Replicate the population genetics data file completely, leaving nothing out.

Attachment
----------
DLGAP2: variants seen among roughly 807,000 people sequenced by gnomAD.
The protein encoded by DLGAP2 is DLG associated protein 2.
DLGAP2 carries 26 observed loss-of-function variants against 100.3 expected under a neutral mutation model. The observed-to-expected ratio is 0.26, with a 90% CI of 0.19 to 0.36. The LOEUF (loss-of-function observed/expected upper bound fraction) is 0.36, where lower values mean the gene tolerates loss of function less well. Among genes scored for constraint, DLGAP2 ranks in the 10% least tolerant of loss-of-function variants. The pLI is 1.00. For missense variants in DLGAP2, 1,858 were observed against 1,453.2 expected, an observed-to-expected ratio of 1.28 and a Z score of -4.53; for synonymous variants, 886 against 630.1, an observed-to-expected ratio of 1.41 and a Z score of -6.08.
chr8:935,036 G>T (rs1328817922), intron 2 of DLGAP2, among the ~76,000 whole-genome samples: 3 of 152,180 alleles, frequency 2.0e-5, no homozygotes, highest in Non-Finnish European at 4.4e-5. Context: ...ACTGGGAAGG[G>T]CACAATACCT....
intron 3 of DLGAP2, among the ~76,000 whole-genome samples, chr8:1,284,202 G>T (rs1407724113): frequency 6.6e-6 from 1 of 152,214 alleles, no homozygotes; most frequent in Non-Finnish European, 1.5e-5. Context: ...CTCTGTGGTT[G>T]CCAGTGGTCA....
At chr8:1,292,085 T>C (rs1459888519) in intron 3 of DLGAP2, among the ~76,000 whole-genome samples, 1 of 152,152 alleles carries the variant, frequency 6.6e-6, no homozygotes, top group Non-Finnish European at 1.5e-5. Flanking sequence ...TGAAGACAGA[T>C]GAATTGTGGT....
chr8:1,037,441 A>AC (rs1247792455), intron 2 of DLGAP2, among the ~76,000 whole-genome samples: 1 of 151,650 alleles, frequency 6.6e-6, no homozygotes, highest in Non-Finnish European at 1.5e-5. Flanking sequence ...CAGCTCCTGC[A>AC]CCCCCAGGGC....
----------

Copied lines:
DLGAP2: variants seen among roughly 807,000 people sequenced by gnomAD.
The protein encoded by DLGAP2 is DLG associated protein 2.
DLGAP2 carries 26 observed loss-of-function variants against 100.3 expected under a neutral mutation model. The observed-to-expected ratio is 0.26, with a 90% CI of 0.19 to 0.36. The LOEUF (loss-of-function observed/expected upper bound fraction) is 0.36, where lower values mean the gene tolerates loss of function less well. Among genes scored for constraint, DLGAP2 ranks in the 10% least tolerant of loss-of-function variants. The pLI is 1.00. For missense variants in DLGAP2, 1,858 were observed against 1,453.2 expected, an observed-to-expected ratio of 1.28 and a Z score of -4.53; for synonymous variants, 886 against 630.1, an observed-to-expected ratio of 1.41 and a Z score of -6.08.
chr8:935,036 G>T (rs1328817922), intron 2 of DLGAP2, among the ~76,000 whole-genome samples: 3 of 152,180 alleles, frequency 2.0e-5, no homozygotes, highest in Non-Finnish European at 4.4e-5. Context: ...ACTGGGAAGG[G>T]CACAATACCT....
intron 3 of DLGAP2, among the ~76,000 whole-genome samples, chr8:1,284,202 G>T (rs1407724113): frequency 6.6e-6 from 1 of 152,214 alleles, no homozygotes; most frequent in Non-Finnish European, 1.5e-5. Context: ...CTCTGTGGTT[G>T]CCAGTGGTCA....
At chr8:1,292,085 T>C (rs1459888519) in intron 3 of DLGAP2, among the ~76,000 whole-genome samples, 1 of 152,152 alleles carries the variant, frequency 6.6e-6, no homozygotes, top group Non-Finnish European at 1.5e-5. Flanking sequence ...TGAAGACAGA[T>C]GAATTGTGGT....
chr8:1,037,441 A>AC (rs1247792455), intron 2 of DLGAP2, among the ~76,000 whole-genome samples: 1 of 151,650 alleles, frequency 6.6e-6, no homozygotes, highest in Non-Finnish European at 1.5e-5. Flanking sequence ...CAGCTCCTGC[A>AC]CCCCCAGGGC....